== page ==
Plus, a study in 20 people with HIV found that taking shilajit at varying doses of up to 9,000 mg per day, combined with traditional antiretroviral medication, led to health improvements, compared with antiretroviral medication alone. Those who received shilajit experienced fewer symptoms of nausea, weight loss, and diarrhea. Furthermore, the treatment enhanced people’s response to the medication and seemed to protect the liver and kidneys from the medicine’s side effects (10).

However, it’s important to note that results are mixed, with some studies tying fulvic acid to inflammatory effects depending on the dose and type. More research is needed before these substances can be recommended as immune boosters (4). It’s also important to understand that one supplement will not prevent or cure disease. Keeping your immune system healthy with a nutritious diet and other lifestyle factors can help your body defend against viruses, bacteria, pathogens, and toxins.

May protect brain function

Some research suggests that fulvic acid may promote brain health (11).

Animal studies note that shilajit can improve outcomes after traumatic brain injury by reducing swelling and pressure in the brain (12). Additionally, test-tube studies show that fulvic acid strongly interferes with the clumping of certain proteins that accelerate brain ailments like Alzheimer’s disease (13).

What’s more, a preliminary, 24-week study in people with Alzheimer’s determined that supplementing with shilajit and B vitamins led to stabilized brain function, compared with a placebo group (14).

Some animal research also suggests that shilajit may help enhance memory (1516).Overall, more human studies on fulvic acid and brain health are needed.

Other potential benefits

Fulvic acid may offer several other health benefits.

  • May lower cholesterol. Animal studies suggest that fulvic acid may decrease LDL (bad) cholesterol. According to a human study in 30 people, it may also raise HDL (good) cholesterol (1718).
  • May improve muscle strength. In a 12-week study in 60 adults with obesity, 500 mg of shilajit daily helped improve muscle strength. Plus, an 8-week study in 63 active men showed similar results with the same amount of this compound (1920).
  • May relieve altitude sickness. Shilajit has been used for centuries to treat altitude sickness. Fulvic acid may help treat this condition by enhancing immune response, stimulating energy production, and improving oxygen levels (5).
  • May boost cellular function. Animal research demonstrates that shilajit may preserve the function of mitochondria, the energy-producing organelle of cells (21).
  • May have anticancer properties. Some test-tube studies indicate that shilajit may induce cancer cell death and prevent the spread of certain cancer cells. However, more research is needed (22).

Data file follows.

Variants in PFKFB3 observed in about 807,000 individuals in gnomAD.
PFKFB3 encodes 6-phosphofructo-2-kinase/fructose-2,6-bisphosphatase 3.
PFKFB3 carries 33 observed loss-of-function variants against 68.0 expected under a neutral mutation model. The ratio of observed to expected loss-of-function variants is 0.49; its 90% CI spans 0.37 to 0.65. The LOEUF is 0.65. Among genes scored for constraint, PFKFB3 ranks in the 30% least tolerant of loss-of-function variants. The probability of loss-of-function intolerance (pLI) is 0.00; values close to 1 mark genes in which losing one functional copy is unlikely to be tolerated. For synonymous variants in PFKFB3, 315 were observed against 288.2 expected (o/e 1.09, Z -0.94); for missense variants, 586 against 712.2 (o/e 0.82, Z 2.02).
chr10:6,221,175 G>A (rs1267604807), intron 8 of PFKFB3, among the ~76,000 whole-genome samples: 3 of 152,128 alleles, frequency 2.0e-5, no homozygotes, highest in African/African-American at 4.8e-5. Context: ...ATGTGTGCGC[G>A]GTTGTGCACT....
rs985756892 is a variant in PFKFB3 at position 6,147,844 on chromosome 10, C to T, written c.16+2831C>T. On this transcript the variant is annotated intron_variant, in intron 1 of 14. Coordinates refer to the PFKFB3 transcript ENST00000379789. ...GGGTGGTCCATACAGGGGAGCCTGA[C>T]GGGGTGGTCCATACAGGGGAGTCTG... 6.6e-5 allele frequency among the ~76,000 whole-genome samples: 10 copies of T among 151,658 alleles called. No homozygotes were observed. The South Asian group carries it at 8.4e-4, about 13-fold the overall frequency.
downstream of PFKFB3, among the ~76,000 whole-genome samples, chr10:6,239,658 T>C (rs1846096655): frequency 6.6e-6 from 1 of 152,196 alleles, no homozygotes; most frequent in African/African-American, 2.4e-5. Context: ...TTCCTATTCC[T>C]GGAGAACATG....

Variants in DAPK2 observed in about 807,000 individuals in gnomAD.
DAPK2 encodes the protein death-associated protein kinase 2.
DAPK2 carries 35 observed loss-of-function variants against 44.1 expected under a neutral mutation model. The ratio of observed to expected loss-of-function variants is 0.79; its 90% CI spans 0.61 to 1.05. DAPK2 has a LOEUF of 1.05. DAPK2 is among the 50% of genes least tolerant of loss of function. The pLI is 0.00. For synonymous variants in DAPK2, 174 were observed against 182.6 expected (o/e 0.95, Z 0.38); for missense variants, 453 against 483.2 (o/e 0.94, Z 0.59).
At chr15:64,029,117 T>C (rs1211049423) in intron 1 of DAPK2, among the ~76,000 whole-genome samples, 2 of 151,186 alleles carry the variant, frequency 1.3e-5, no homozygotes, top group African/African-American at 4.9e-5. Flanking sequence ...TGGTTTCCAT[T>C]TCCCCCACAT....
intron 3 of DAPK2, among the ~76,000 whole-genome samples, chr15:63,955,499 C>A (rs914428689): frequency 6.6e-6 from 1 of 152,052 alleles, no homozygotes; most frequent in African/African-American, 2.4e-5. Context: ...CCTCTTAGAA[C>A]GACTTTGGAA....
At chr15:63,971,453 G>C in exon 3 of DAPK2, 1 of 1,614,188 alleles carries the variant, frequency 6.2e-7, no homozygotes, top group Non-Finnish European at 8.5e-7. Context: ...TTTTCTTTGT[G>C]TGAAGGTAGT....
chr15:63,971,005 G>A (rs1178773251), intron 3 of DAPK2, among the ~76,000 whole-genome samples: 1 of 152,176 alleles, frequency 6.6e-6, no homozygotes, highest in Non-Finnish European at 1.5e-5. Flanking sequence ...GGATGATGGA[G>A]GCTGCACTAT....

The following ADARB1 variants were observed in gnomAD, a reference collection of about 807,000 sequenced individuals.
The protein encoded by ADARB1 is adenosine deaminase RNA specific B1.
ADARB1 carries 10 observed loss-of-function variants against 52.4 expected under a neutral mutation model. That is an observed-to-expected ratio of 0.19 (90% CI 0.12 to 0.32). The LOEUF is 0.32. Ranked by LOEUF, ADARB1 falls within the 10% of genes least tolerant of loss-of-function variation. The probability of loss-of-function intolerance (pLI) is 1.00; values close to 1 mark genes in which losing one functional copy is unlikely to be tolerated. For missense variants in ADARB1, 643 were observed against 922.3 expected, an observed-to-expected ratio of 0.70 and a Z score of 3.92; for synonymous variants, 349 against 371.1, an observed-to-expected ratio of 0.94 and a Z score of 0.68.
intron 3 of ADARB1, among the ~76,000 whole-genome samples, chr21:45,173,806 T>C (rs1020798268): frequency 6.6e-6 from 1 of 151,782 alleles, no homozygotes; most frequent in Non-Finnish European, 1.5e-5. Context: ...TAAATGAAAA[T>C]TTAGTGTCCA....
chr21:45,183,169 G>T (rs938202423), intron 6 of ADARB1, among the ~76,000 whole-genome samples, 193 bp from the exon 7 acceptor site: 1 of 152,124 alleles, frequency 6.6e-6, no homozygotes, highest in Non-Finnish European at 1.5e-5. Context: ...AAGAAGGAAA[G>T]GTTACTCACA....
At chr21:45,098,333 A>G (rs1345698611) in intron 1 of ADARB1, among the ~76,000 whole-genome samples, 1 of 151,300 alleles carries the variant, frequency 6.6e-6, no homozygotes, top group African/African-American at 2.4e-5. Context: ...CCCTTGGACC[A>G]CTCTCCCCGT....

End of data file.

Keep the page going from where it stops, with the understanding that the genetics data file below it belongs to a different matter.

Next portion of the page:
• May boost testosterone. A 3-month study in 96 men found that taking 500 mg of shilajit per day significantly increased testosterone levels, compared with a placebo group (23).
  • May enhance gut health. Ayurvedic medicine has used shilajit for centuries to enhance gut health. Some research suggests that it may positively affect gut bacteria, enhance nutrient absorption, and improve digestive disorders (4).

Although fulvic acid and shilajit are associated with many potential health benefits, human studies are fairly limited.

SUMMARY

Both fulvic acid and shilajit may offer numerous benefits, including reduced inflammation, stronger immunity, and improved brain function. Still, more human research is needed.

Safety, side effects, and dosage

Moderate doses of fulvic acid and shilajit appear safe, though research is ongoing.

A study in 30 men concluded that a daily dose of 0.5 ounces (15 mL) can be used safely without the risk of side effects. Higher doses may induce mild side effects, such as diarrhea, headaches, and sore throat (1).

Additionally, a 3-month study in people with HIV found that prolonged use of shilajit at a dose of 6,000 mg per day was safe and did not cause any significant side effects (10). Other studies note that taking 500 mg of shilajit per day for up to 3 months doesn’t cause significant side effects in healthy adults (1923).

Although fulvic acid and Shilajit are considered relatively safe, insufficient research has been carried out to determine dosage recommendations. You’re generally advised not to exceed the dosage listed on supplement packaging. Furthermore, it’s important to pay special attention to the quality and form of fulvic acid and shilajit supplements. Studies show that raw, unpurified shilajit may contain arsenic, heavy metals, mycotoxins, and other harmful compounds (11).

Since some shilajit products may be contaminated with these toxins, it’s important to purchase supplements from trusted brands that are tested by third-party organizations, such as NSF International or United States Pharmacopeia (USP) (11).

Children and pregnant or breastfeeding women should avoid shilajit and fulvic acid due to a lack of safety information.

Finally, these substances may react with certain medications, so it’s important to consult your healthcare provider before adding either to your routine.

SUMMARY

Shilajit and fulvic acid are considered relatively safe. However, some supplements may be contaminated with harmful substances, and more research is necessary to determine dosage guidelines.

The bottom line

Fulvic acid and shilajit, which is rich in this acid, are natural health products taken to treat numerous conditions.

Although research reveals that they may boost immune and brain health, as well as combat inflammation, more human studies are needed to fully determine their effectiveness, dosage, and long-term safety.

If you’re interested in trying fulvic acid or shilajit, first consult your healthcare provider. Furthermore, always purchase supplements from reputable sources to avoid exposure to toxins.